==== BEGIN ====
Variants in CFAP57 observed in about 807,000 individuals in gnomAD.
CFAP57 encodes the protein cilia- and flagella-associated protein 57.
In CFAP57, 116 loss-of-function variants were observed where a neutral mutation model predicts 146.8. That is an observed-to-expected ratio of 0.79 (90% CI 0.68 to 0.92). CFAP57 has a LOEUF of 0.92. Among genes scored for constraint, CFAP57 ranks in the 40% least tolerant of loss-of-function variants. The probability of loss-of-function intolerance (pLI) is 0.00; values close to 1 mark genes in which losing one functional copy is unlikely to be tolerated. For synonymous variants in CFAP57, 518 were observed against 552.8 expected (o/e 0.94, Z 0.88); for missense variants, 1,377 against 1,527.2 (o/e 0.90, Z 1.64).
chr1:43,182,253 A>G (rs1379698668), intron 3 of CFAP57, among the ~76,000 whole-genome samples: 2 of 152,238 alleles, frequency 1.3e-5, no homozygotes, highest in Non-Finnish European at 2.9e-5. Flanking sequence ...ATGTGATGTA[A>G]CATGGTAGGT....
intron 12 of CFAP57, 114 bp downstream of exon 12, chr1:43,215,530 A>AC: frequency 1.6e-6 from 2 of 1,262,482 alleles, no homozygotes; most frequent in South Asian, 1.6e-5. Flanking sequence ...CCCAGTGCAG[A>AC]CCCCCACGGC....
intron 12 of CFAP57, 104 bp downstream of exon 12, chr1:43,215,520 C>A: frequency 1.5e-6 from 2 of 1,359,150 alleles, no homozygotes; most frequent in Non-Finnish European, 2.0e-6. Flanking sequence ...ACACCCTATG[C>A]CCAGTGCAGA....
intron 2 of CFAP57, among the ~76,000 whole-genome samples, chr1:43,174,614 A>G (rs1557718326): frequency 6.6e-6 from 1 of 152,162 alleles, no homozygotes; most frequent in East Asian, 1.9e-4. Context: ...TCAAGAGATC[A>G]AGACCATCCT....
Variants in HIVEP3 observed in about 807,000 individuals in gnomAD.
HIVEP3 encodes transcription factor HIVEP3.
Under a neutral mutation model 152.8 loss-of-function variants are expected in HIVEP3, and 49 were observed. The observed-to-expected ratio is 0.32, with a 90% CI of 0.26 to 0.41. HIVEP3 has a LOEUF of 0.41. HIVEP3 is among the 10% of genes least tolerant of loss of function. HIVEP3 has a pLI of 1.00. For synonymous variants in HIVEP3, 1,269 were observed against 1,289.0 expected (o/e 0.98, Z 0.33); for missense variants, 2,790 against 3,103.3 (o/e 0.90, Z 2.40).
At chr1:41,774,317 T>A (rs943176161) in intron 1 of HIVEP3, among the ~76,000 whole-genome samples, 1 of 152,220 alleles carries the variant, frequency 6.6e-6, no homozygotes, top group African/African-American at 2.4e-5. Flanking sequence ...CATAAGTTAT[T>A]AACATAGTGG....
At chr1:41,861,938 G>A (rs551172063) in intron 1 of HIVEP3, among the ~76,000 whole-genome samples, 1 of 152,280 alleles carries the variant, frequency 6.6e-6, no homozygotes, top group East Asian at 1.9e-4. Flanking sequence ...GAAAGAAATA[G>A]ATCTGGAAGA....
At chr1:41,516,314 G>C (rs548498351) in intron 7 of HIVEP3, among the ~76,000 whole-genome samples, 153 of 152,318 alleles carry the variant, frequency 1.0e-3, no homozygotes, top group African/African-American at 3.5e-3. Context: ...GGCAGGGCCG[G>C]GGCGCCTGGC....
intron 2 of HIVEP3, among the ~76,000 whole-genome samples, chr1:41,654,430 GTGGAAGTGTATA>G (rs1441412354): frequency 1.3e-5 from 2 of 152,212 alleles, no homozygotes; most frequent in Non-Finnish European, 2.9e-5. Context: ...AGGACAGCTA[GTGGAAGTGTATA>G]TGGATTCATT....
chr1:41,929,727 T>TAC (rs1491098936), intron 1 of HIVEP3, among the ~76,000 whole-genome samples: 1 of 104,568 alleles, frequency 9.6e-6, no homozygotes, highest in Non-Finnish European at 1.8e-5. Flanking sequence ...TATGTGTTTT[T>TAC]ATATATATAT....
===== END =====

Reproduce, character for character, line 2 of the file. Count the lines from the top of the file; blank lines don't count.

CFAP57 encodes the protein cilia- and flagella-associated protein 57.